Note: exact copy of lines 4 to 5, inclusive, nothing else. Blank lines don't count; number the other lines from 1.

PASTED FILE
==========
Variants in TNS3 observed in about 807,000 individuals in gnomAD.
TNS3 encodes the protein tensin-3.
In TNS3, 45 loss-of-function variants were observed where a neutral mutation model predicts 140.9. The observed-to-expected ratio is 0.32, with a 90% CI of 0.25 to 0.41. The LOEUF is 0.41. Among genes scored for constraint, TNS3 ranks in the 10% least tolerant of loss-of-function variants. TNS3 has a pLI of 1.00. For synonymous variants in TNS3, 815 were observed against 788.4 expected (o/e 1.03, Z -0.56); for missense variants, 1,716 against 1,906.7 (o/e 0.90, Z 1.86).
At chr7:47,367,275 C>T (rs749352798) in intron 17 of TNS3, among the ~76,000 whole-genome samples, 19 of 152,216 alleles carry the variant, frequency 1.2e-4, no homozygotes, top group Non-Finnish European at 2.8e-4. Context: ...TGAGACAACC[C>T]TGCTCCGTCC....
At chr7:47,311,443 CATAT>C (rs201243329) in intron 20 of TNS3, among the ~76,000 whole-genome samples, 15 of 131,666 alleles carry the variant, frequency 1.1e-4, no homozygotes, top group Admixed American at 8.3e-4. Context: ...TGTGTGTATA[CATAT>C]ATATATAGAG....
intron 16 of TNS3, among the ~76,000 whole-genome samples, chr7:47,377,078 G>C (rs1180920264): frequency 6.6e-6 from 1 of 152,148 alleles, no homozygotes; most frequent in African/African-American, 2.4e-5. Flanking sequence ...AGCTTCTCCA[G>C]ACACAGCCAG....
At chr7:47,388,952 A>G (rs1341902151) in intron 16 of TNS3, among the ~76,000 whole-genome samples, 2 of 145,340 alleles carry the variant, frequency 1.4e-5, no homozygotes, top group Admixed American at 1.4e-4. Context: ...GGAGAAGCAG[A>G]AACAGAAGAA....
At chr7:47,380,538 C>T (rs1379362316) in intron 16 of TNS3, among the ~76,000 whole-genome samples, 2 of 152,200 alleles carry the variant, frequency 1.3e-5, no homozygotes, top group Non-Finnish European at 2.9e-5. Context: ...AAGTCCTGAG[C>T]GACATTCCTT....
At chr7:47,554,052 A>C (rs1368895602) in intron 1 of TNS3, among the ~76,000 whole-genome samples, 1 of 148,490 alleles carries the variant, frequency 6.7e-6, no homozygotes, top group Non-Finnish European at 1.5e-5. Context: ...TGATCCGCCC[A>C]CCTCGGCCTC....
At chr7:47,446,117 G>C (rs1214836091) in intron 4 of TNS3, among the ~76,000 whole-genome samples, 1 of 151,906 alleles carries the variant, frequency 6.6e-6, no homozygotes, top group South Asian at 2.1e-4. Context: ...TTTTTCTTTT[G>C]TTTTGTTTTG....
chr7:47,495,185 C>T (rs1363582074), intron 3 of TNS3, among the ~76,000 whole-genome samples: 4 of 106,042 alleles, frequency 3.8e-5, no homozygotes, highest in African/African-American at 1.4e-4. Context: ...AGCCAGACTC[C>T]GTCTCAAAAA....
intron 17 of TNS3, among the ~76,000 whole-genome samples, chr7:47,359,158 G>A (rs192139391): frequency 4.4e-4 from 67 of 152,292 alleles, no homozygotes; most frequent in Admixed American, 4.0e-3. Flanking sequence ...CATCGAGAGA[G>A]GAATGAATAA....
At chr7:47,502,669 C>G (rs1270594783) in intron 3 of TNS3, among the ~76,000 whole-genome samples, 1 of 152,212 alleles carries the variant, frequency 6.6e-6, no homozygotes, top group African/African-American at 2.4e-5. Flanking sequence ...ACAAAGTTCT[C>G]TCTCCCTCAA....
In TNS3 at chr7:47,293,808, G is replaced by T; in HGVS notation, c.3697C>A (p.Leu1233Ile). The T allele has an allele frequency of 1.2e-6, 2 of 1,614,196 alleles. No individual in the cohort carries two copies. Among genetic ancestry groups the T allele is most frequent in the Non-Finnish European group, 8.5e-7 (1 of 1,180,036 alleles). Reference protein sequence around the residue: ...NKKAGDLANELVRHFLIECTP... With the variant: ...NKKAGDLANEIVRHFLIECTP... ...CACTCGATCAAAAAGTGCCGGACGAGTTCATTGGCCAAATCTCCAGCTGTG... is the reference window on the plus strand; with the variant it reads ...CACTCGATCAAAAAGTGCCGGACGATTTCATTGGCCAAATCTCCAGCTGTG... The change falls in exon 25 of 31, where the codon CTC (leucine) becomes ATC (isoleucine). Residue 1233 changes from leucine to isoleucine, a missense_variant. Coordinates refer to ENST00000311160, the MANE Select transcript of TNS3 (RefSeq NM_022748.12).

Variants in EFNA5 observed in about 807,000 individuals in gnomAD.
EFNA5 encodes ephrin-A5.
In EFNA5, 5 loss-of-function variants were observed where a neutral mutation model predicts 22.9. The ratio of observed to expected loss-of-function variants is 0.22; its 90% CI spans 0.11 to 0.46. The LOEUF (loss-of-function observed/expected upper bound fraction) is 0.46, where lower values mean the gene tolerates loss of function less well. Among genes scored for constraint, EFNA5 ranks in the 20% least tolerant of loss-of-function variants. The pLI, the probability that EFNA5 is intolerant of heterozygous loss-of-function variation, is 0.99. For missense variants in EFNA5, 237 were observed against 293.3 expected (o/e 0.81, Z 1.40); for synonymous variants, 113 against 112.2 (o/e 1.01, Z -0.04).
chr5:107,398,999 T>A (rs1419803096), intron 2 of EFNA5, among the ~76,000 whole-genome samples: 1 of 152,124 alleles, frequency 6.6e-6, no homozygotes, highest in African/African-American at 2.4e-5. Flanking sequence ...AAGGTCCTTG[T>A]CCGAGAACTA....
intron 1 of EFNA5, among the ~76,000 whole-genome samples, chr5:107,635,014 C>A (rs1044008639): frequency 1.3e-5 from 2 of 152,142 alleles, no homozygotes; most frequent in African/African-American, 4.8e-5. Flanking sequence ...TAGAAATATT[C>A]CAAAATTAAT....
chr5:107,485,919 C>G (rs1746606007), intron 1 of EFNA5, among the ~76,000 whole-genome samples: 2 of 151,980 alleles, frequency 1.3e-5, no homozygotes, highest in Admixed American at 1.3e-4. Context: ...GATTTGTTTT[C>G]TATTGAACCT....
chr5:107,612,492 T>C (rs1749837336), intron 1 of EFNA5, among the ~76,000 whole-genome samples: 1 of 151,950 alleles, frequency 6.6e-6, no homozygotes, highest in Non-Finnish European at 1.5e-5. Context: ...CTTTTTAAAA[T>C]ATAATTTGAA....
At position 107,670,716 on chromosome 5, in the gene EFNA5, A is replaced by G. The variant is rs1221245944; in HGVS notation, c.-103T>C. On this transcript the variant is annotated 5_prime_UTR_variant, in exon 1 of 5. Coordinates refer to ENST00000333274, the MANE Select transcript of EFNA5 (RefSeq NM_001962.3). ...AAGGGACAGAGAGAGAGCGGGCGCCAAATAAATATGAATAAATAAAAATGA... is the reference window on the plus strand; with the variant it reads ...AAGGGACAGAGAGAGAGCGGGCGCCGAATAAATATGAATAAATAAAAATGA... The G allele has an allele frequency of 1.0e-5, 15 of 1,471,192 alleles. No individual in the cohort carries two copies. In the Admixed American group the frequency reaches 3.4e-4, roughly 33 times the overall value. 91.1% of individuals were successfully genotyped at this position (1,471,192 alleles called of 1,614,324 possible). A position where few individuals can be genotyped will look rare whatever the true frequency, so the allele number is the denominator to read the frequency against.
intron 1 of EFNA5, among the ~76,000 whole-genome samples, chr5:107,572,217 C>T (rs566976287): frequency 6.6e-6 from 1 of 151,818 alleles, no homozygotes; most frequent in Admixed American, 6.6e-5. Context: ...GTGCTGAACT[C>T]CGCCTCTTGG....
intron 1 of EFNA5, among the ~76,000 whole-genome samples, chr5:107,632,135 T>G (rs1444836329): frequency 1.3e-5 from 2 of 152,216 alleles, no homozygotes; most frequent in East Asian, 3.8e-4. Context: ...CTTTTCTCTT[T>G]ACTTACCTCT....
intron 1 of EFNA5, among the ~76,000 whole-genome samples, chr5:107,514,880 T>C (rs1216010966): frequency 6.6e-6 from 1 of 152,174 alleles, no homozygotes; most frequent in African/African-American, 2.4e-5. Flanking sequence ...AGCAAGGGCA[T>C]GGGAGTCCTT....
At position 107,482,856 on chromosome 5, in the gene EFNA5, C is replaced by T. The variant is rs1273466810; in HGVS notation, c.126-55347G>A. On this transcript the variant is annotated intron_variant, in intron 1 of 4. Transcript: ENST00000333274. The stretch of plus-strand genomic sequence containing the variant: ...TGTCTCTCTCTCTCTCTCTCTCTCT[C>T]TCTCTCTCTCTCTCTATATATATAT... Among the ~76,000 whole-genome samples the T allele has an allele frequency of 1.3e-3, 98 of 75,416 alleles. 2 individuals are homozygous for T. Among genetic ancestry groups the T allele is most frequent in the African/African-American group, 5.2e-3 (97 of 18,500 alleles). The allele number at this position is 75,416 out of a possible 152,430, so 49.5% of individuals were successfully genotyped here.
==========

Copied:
At chr7:47,367,275 C>T (rs749352798) in intron 17 of TNS3, among the ~76,000 whole-genome samples, 19 of 152,216 alleles carry the variant, frequency 1.2e-4, no homozygotes, top group Non-Finnish European at 2.8e-4. Context: ...TGAGACAACC[C>T]TGCTCCGTCC....
At chr7:47,311,443 CATAT>C (rs201243329) in intron 20 of TNS3, among the ~76,000 whole-genome samples, 15 of 131,666 alleles carry the variant, frequency 1.1e-4, no homozygotes, top group Admixed American at 8.3e-4. Context: ...TGTGTGTATA[CATAT>C]ATATATAGAG....